ECS NOTE: To learn more about Customer Stratification, the focus of this article, be sure to sign up for ECS’s upcoming webinar which will take place on September 10th!
I have had the good fortune and privilege of spending twenty-plus years leading small, medium, and large teams with growth and profitability responsibility. Every year except for one (2008-09, AKA the “great recession”) my teams have been able to deliver double-digit growth on the top line, bottom line and have achieved customer retention scores ranging from 96% – 98%.
From time to time, colleagues ask, “How do your teams keep producing double-digit growth?” My answer: “customer stratification”. Some are surprised by my reply, as stratification in the past has been widely considered a manufacturing and distribution tool. However, I find it to be not only applicable, but highly effective for all industries and sectors.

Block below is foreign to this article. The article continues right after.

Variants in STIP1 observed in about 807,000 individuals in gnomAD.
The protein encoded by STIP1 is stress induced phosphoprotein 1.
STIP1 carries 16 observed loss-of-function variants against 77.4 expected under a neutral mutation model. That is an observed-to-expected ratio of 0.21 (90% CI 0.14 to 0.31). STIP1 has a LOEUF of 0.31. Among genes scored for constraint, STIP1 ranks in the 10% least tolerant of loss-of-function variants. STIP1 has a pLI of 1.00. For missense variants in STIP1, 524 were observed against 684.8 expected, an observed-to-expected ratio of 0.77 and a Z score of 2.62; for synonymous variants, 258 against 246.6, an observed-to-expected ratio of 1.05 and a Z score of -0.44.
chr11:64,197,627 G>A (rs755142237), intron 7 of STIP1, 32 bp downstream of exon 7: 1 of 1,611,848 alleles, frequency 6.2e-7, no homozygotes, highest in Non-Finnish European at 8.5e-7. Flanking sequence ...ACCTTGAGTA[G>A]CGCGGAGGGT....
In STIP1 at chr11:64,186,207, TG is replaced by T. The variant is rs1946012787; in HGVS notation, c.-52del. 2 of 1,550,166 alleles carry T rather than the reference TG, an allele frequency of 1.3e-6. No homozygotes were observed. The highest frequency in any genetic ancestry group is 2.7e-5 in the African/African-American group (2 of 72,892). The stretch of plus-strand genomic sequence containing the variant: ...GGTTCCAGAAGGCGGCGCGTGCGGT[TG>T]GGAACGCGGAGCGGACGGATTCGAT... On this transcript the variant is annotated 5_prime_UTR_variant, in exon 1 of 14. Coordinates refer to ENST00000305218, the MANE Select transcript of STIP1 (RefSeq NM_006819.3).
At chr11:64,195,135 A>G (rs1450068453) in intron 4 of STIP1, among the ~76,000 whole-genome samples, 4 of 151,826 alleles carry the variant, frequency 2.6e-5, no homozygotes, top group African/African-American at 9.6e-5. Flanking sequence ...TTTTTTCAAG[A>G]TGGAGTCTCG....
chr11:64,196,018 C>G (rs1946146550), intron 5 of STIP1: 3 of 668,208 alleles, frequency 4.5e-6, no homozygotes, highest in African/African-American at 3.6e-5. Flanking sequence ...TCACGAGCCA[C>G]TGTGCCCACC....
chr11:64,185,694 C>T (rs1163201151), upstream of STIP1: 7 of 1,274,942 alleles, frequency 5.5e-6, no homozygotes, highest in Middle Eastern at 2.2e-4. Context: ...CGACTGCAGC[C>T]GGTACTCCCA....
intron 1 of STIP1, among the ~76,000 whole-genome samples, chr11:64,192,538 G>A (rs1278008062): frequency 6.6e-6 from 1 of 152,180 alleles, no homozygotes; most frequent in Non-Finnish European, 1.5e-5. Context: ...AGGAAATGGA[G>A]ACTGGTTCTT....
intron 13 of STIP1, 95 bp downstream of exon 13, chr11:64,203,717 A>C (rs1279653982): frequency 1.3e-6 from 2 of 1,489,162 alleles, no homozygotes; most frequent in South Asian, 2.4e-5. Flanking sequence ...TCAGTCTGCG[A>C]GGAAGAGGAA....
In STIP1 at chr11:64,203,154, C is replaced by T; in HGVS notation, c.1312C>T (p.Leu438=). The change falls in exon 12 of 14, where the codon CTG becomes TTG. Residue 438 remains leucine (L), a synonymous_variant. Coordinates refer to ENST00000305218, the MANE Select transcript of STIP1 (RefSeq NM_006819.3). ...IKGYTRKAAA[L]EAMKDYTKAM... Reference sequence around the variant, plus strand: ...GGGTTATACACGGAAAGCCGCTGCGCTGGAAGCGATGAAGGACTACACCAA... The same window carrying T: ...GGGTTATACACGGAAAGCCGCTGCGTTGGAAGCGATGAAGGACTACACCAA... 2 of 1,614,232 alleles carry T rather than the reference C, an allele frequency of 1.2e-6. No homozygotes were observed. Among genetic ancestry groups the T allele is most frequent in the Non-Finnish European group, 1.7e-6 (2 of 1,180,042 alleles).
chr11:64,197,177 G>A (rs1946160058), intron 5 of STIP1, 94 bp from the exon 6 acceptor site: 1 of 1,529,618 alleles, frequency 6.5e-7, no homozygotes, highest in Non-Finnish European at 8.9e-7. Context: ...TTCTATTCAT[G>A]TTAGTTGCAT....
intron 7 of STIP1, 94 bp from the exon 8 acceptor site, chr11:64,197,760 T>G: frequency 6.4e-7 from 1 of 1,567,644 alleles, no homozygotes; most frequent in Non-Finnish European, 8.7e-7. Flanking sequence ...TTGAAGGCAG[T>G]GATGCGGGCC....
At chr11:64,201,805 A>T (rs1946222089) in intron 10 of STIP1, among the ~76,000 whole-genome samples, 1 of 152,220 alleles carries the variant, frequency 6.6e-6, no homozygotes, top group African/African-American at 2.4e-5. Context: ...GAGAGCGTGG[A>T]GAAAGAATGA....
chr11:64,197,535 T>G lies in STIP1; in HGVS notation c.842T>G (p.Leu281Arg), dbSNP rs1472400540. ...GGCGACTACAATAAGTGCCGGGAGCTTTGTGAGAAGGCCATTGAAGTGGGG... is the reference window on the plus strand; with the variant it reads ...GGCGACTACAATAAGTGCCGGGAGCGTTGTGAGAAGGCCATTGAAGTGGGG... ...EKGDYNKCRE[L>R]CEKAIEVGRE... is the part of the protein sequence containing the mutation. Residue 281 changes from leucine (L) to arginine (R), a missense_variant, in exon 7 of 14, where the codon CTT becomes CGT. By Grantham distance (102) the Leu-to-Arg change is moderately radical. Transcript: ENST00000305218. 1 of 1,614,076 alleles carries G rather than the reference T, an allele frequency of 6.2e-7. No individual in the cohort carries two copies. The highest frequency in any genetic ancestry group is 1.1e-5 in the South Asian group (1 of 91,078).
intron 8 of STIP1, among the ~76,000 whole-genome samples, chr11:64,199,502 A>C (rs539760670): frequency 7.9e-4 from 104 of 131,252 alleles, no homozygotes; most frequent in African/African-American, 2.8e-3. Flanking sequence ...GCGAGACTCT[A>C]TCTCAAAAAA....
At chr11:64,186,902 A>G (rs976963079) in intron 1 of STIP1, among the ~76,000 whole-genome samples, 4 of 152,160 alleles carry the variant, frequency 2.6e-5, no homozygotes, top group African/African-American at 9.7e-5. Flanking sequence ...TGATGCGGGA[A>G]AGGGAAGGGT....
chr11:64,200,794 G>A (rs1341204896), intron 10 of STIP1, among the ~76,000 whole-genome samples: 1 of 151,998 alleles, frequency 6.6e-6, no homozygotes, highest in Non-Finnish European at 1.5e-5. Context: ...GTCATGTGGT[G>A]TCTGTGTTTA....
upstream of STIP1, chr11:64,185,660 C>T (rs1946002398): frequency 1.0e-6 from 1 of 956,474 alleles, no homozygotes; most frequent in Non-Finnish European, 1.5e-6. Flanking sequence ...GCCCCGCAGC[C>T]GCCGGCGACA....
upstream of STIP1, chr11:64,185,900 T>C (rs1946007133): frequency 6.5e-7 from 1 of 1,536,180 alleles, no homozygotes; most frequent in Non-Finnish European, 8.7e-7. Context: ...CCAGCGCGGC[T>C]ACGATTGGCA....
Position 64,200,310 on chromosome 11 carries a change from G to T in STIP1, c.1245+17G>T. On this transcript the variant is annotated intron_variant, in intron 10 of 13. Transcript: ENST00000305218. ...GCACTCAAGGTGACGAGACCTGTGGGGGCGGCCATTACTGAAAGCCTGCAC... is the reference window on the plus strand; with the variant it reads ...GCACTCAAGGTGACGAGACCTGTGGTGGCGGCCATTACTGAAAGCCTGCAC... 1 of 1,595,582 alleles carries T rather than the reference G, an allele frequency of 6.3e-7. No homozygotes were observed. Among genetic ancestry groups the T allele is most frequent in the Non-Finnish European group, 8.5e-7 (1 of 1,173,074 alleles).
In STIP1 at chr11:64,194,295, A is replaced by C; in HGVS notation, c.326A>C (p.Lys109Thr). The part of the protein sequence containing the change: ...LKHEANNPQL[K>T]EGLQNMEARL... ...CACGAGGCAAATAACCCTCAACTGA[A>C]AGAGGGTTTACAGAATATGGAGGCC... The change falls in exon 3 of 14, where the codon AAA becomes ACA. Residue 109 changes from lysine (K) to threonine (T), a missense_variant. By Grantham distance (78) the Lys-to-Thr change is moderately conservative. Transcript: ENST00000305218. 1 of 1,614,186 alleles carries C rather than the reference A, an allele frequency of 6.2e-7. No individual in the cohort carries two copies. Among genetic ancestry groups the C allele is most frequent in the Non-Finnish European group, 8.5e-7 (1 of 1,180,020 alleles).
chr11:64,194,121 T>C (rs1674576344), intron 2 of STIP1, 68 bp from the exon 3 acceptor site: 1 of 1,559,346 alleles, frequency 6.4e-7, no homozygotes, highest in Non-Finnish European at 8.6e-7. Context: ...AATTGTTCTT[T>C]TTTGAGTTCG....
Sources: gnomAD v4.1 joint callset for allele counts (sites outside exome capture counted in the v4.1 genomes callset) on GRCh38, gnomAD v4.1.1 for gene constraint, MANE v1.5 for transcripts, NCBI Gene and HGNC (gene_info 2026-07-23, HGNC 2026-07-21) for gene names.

My teams, mostly in the service sector, were at first skeptical when I introduced the concept and idea. However, with good training and persistence, they began to see the immediate value in a stratification exercise.
I always kick-off customer stratification training with this analogy. When you are virtually introduced to any individual, where is the first place you want to visit to learn more? The answer is, most commonly, “LinkedIn”. If you are like me, you want to see their picture, if you share any common connections, past companies and roles they have been a part of over the years, where they went to school, and so on.
This same concept of doing background research applies to your customers.
I would suggest before contacting a valued customer to check-in, review their customer stratification score. Stratification scores are determined by customer behavior meeting the criteria or thresholds established for each driver. The culmination of the score will dictate what bucket your customers will fall into: Opportunistic, Core, Marginal, and Service Drain Customers.